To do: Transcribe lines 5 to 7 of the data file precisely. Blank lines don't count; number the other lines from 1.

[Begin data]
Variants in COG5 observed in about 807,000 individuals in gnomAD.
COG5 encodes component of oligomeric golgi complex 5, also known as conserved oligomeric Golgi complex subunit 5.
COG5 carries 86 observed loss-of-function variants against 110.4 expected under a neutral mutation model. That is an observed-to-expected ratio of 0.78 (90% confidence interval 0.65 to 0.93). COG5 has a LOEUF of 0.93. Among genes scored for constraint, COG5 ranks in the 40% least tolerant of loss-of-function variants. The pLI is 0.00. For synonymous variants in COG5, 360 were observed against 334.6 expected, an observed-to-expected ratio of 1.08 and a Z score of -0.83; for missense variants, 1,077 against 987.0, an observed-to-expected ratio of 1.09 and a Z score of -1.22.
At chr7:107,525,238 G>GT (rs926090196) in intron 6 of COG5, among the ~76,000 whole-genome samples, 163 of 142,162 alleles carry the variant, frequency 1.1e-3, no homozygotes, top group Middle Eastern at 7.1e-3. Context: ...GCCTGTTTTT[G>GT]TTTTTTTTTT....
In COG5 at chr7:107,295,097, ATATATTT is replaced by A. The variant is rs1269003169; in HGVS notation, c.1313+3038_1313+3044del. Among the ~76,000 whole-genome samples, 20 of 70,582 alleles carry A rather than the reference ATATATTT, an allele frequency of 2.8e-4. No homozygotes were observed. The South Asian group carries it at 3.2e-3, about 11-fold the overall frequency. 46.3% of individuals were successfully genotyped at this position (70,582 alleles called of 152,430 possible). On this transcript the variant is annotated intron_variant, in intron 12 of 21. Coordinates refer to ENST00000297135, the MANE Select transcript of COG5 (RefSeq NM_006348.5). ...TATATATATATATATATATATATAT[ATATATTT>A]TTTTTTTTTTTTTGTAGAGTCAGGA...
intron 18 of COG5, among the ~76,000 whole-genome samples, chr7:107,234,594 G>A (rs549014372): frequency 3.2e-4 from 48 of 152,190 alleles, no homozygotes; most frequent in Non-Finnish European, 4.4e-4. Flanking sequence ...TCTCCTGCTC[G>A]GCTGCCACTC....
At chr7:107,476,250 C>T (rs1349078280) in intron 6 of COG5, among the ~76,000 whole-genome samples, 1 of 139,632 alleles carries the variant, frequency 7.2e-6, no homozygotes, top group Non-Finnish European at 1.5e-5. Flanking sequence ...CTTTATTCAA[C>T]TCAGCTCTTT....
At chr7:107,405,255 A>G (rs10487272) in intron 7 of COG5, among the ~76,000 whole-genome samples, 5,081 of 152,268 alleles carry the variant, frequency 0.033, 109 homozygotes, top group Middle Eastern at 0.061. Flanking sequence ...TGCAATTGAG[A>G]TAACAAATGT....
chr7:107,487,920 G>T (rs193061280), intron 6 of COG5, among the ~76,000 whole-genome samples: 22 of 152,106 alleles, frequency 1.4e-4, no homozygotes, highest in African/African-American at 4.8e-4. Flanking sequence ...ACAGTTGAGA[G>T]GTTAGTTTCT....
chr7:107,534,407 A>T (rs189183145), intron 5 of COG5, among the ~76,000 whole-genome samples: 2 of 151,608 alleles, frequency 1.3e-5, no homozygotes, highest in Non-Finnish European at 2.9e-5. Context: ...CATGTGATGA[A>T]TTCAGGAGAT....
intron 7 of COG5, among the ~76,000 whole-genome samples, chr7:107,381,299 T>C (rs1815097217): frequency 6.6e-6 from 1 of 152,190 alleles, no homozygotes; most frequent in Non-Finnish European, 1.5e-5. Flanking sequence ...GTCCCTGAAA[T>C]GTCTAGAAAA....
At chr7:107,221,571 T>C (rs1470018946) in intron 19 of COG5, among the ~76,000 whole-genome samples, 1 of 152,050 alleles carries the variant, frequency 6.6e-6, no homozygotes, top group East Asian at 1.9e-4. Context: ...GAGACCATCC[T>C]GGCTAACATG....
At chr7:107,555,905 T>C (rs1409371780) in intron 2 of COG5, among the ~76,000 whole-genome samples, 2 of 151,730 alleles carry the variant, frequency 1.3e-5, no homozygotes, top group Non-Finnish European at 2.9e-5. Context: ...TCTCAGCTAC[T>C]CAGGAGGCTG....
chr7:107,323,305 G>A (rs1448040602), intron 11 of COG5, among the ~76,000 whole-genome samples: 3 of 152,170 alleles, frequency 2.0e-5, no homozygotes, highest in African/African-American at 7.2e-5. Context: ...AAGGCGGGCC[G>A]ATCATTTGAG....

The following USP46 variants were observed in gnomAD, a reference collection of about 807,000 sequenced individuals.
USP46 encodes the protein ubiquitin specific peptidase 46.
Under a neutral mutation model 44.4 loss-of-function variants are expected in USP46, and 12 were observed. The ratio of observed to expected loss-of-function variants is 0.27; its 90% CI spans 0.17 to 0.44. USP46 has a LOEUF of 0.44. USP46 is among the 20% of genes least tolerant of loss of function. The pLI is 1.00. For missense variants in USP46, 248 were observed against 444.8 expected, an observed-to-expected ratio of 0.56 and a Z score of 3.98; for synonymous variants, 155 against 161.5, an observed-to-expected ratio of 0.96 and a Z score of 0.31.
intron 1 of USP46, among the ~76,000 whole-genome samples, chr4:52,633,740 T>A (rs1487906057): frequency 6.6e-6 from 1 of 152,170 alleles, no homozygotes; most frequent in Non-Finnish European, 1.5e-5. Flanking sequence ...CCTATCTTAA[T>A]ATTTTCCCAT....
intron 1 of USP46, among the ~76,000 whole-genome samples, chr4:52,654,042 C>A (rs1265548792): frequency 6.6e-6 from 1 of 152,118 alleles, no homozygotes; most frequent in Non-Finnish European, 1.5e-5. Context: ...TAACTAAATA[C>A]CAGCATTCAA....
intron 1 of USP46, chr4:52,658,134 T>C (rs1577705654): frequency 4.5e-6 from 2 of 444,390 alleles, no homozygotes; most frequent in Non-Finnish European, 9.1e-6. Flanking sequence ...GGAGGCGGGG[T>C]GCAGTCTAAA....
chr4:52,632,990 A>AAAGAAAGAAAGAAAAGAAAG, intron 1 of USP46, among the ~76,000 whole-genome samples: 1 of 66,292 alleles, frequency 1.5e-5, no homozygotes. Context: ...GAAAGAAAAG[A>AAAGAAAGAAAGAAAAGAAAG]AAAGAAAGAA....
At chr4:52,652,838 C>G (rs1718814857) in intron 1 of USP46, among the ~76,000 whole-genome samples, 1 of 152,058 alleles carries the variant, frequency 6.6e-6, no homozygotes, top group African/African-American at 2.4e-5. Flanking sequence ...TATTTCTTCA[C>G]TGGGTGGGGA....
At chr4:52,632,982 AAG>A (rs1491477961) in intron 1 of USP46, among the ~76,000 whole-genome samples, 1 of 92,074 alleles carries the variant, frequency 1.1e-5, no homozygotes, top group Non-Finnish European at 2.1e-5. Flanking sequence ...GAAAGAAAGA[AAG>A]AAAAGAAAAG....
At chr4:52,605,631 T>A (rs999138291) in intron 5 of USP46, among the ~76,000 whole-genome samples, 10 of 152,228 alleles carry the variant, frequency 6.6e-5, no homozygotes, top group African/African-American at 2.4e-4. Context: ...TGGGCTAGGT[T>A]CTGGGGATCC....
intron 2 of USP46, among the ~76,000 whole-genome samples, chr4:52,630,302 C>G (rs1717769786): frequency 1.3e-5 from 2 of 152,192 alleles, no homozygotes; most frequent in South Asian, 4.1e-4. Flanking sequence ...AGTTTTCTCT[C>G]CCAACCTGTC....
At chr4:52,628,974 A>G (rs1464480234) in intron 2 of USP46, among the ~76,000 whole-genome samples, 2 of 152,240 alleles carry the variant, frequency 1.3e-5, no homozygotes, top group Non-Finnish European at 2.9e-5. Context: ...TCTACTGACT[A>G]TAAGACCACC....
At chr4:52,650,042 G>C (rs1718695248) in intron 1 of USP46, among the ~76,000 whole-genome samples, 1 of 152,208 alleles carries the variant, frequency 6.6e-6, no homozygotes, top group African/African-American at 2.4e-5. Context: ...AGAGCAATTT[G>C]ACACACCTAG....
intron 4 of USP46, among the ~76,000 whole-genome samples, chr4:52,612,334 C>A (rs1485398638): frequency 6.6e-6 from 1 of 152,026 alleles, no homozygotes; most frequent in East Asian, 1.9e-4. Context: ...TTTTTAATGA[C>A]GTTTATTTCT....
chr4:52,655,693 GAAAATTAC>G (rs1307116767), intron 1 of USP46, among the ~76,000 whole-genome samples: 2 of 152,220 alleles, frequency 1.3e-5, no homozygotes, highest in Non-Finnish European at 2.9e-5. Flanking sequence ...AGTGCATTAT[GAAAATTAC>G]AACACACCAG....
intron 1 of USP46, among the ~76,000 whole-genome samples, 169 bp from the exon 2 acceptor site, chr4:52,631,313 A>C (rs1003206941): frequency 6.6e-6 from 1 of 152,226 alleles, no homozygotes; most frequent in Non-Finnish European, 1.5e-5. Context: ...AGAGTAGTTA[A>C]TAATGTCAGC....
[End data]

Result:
In COG5 at chr7:107,295,097, ATATATTT is replaced by A. The variant is rs1269003169; in HGVS notation, c.1313+3038_1313+3044del. Among the ~76,000 whole-genome samples, 20 of 70,582 alleles carry A rather than the reference ATATATTT, an allele frequency of 2.8e-4. No homozygotes were observed. The South Asian group carries it at 3.2e-3, about 11-fold the overall frequency. 46.3% of individuals were successfully genotyped at this position (70,582 alleles called of 152,430 possible). On this transcript the variant is annotated intron_variant, in intron 12 of 21. Coordinates refer to ENST00000297135, the MANE Select transcript of COG5 (RefSeq NM_006348.5). ...TATATATATATATATATATATATAT[ATATATTT>A]TTTTTTTTTTTTTGTAGAGTCAGGA...
intron 18 of COG5, among the ~76,000 whole-genome samples, chr7:107,234,594 G>A (rs549014372): frequency 3.2e-4 from 48 of 152,190 alleles, no homozygotes; most frequent in Non-Finnish European, 4.4e-4. Flanking sequence ...TCTCCTGCTC[G>A]GCTGCCACTC....
At chr7:107,476,250 C>T (rs1349078280) in intron 6 of COG5, among the ~76,000 whole-genome samples, 1 of 139,632 alleles carries the variant, frequency 7.2e-6, no homozygotes, top group Non-Finnish European at 1.5e-5. Flanking sequence ...CTTTATTCAA[C>T]TCAGCTCTTT....